Posted 31 July 2012 - 05:01 PM
I'm afraid I just get more confused - what was a Grenadier Guardsman doing with the Earl of Craven and the RFC? Here is the newspaper item that started me thinking:
Newbury Weekly News 16 Mar 1916 p8 – Local War Notes
Mr and Mrs Brown, of 47, Northbrook-street, were the recipients of the sad intelligence on Sunday that their eldest son, Pte C W T Brown, 21438, 3rd Batt, Grenadier Guards, had died in the Lahore British General Hospital, Calais, on March 11th , from injuries to the head and abdomen caused by an accident with a bomb. The young fellow had been serving as a bomber in his battalion, and had been through almost all of the big engagements since he left England some eight months ago, and it seems particularly unfortunate he should have met his death in this way, when well back from the firing line, his detachment being now attached to the Royal Flying Corps under the Earl of Craven. Pte Brown was only 20 years of age, and was one of the number who enlisted at a recruiting meeting in Newbury Corn Exchange which was addressed by a lady speaker. Prior to this, he had worked at Messrs W H Smith and Sons’ printing works being in the last year of his apprenticeship. Mr and Mrs Brown received official notification from the War Office on Tuesday morning, but no details are yet to hand as to the cause of his death, except as briefly stated in the official notice.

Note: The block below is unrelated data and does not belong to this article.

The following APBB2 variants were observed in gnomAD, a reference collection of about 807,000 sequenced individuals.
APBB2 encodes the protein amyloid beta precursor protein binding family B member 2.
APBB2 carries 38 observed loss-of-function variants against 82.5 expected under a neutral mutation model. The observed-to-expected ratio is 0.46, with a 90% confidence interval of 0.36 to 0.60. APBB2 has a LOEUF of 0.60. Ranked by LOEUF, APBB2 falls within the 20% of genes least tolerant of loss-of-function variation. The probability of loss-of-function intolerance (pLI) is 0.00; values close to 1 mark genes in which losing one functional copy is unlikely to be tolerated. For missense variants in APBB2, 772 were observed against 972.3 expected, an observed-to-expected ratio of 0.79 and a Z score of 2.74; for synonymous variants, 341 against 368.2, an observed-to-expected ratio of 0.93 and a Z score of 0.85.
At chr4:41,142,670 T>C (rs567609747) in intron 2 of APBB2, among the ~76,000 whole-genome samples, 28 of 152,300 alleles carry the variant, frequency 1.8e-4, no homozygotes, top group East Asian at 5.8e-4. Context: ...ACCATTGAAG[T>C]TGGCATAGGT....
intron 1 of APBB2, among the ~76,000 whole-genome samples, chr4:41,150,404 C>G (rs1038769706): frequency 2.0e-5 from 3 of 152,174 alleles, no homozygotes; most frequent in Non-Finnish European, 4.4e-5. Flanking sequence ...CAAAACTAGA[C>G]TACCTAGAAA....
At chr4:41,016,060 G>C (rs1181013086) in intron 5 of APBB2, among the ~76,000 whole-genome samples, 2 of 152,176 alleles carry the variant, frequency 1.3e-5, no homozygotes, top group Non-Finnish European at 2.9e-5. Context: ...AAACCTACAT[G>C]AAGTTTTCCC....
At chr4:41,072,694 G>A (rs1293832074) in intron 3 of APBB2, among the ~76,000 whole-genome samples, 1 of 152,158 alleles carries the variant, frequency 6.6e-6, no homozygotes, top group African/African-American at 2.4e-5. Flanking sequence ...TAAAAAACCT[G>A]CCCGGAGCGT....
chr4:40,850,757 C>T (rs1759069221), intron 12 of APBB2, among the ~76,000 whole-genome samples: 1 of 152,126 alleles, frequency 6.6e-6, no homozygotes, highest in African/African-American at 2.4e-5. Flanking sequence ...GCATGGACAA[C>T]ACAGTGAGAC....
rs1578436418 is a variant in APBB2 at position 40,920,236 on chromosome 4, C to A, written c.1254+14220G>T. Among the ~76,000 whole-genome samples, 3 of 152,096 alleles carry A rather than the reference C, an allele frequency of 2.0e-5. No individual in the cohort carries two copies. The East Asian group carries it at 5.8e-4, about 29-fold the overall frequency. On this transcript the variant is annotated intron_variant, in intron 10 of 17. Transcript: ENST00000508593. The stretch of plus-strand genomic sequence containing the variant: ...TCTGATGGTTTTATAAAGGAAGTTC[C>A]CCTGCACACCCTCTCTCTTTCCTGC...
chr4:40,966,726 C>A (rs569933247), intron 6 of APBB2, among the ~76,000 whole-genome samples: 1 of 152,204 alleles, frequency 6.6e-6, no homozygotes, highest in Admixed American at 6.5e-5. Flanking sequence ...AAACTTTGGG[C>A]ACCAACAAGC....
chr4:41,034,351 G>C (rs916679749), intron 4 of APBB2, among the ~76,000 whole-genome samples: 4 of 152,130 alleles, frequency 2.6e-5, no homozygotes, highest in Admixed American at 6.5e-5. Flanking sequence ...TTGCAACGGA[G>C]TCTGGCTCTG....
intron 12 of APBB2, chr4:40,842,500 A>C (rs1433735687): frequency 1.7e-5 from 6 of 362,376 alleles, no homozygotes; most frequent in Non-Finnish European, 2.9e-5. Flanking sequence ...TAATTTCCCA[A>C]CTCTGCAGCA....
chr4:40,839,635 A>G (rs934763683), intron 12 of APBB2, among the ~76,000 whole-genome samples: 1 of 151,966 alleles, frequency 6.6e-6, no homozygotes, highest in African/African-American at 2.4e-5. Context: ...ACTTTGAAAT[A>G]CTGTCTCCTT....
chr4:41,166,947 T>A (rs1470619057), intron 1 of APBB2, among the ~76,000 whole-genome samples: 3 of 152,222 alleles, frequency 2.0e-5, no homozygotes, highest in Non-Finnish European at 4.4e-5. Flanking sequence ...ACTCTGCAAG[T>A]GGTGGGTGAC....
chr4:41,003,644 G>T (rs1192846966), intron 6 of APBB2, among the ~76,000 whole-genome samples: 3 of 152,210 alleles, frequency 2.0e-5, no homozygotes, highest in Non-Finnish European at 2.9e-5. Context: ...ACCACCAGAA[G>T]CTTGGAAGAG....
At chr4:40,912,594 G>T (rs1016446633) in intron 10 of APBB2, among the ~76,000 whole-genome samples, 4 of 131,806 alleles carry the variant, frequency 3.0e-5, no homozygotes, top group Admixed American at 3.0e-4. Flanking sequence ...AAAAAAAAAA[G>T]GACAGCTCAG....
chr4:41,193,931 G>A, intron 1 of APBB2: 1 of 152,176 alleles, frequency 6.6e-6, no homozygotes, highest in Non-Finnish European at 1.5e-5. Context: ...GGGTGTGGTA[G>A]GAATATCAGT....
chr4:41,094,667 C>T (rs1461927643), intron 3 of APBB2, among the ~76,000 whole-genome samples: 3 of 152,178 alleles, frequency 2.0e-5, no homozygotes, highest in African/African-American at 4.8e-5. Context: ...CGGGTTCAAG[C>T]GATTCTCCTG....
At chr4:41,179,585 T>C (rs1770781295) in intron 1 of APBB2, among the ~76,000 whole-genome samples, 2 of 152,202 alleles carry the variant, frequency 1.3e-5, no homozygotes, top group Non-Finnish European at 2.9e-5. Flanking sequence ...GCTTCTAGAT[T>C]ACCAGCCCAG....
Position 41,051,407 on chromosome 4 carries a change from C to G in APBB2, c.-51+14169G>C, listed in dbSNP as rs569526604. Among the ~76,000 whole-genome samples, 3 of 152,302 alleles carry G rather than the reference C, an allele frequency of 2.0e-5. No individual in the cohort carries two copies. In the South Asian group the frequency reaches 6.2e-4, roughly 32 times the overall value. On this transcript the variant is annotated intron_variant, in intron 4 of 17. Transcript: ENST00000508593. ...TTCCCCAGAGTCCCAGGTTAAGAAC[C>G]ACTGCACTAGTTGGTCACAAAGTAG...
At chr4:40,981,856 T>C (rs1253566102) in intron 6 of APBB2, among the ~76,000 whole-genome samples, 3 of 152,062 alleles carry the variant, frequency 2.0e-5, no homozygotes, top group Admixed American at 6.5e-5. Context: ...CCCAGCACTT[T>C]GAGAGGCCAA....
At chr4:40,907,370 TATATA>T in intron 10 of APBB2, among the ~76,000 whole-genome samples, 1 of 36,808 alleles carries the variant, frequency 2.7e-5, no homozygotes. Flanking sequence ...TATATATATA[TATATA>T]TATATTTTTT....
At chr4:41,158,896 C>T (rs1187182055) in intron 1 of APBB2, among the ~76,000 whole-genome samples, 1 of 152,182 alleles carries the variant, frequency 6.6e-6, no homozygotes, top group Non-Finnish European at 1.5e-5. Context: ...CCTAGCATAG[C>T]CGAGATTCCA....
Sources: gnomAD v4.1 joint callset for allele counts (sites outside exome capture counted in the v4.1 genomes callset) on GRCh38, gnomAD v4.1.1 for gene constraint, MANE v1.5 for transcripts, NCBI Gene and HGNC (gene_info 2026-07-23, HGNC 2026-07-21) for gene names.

Reading between the lines I am guessing the Guardsman was giving bombing training - to the RFC? Craven seems to have been one of those well connected aristo/politicos who was determined to do his bit - thus providing a major headache to the poor chaps who had to find somewhere to put him where he wouldn't do too much harm. I guess commandant of a bombing school outside Calais might have fitted the bill nicely.
The Cravens were well known in Newbury, their estates at Hampstead Marshall and Ashbury are close by - no doubt this is what prompted the paper to add the reference to the Earl.